This is not really a Short Review. It is me complaining about the February 1974 issue of the Magazine of Fantasy and Science Fiction. Sorry.
Joanna Russ, writer of bad magic negress Lovecraft fanfiction, begins her column in this issue stating “In the 1950’s somebody defined urban renewal as “replacing Negroes with trees,” and I’m beginning to think that in the same way too many typical science fiction horror stories are not the universal dystopias they pretend to be, but rather the unhappy wails of privilege-coming-to-and-end(sic).” That one sentence was enough; I wasn’t going to bother reading six pages of her tripe, but now the commenters in the letters section of the January 1976 issue complaining about the Books column having turned into kvetching by literary critics and writers airing out their personal grudges rather than alerting readers to great new science fiction make a lot more sense. Thank god that the other two issues I have had Budrys writing the column.
I solidly expect this issue of F&SF to be completely terrible (I accidentally saw the ending of the novella; 60+ pages to set up a Jewish mother joke) and don’t even know if I want to waste my time on it. I’d rather write about fun and awesome SF&F than bitch about bad SF&F; it would at least be more useful to my readers.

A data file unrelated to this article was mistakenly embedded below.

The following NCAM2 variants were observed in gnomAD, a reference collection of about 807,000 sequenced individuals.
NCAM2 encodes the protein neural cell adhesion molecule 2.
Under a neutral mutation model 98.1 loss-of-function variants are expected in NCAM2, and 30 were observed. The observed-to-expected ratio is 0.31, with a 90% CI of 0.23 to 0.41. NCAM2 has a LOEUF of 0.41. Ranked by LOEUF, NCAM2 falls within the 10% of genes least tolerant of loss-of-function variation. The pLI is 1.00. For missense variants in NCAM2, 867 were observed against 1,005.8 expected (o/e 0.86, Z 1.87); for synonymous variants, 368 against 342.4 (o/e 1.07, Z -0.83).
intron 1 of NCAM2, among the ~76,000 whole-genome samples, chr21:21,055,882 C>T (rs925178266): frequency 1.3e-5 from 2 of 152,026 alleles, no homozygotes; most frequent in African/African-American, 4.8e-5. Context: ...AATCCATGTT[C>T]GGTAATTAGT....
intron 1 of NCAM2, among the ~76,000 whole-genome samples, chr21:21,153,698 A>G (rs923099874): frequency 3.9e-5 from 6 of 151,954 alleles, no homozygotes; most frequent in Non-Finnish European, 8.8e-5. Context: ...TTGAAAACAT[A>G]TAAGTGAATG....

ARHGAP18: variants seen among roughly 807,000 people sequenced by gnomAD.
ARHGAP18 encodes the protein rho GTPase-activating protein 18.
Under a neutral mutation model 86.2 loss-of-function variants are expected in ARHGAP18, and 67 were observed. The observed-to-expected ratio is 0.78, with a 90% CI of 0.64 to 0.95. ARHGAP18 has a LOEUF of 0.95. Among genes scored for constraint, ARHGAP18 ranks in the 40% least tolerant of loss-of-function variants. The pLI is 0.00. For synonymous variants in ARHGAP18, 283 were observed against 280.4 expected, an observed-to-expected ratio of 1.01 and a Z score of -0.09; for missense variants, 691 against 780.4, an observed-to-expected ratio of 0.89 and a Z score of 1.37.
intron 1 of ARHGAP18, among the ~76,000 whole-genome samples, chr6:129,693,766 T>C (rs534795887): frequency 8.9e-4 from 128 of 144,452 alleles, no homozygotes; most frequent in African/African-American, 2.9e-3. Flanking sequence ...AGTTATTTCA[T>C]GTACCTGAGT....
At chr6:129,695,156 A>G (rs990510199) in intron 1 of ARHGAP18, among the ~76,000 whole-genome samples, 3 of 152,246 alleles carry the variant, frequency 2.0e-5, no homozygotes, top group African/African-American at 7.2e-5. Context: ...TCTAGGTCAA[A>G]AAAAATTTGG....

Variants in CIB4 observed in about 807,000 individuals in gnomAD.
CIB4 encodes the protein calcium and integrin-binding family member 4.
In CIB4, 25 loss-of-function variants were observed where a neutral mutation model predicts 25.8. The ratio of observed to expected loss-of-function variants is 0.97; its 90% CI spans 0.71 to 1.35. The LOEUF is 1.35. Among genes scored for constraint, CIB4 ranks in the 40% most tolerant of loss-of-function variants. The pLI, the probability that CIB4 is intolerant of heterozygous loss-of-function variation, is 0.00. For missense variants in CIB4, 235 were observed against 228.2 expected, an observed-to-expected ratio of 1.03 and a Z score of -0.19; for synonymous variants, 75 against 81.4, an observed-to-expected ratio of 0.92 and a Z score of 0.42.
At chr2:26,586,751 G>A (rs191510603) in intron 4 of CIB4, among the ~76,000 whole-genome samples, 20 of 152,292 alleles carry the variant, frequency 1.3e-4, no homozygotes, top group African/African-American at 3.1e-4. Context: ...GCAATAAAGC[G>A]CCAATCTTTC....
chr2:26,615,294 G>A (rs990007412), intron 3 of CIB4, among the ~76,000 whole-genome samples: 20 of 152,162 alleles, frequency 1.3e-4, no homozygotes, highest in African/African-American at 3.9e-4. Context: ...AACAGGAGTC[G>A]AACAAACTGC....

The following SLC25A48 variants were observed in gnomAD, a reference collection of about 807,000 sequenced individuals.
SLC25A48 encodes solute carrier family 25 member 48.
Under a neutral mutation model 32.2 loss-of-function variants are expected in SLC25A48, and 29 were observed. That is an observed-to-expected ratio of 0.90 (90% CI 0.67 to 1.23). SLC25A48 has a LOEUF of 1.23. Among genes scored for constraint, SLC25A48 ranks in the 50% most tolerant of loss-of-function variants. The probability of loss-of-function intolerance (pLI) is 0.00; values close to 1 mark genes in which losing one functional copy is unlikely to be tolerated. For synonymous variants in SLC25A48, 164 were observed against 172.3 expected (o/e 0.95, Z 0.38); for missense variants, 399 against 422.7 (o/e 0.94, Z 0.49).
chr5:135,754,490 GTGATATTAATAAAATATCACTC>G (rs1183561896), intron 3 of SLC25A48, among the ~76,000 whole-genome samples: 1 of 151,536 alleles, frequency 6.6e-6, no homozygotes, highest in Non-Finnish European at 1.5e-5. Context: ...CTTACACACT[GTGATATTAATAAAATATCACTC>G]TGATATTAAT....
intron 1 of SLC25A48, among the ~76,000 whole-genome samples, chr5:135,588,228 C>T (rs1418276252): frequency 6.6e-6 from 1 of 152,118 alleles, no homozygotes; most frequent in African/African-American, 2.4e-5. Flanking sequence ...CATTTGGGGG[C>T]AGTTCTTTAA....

Do any of the following names ring a bell or should I skip this issue entirely (except for Baird Searles column, of course)?
So, rather than be angry and read something that I knew was going to amount to a novella length Jew joke, I started Leigh Brackett’s The Nemesis from Terra. It was immediately obvious that I had made the correct choice. Brackett plunges us straight into the action, wherein a man is pursued by Martian apes, kills a Martian mystic who predicts his ascendancy over Mars, is tossed in the slave mines to work for chain smoking Mercurian thugs, and meets a lady with “a strong, supple body whose curves even the coverall couldn’t hide and hair of a rich, warm mahogany color that made her skin look like cream” who he calls ‘baby’. Mmmmm… problematic sci-fi…
In completely unrelated news, new empirical evidence suggests that internalized misogyny goes straight to the chest and improves STEM related skills.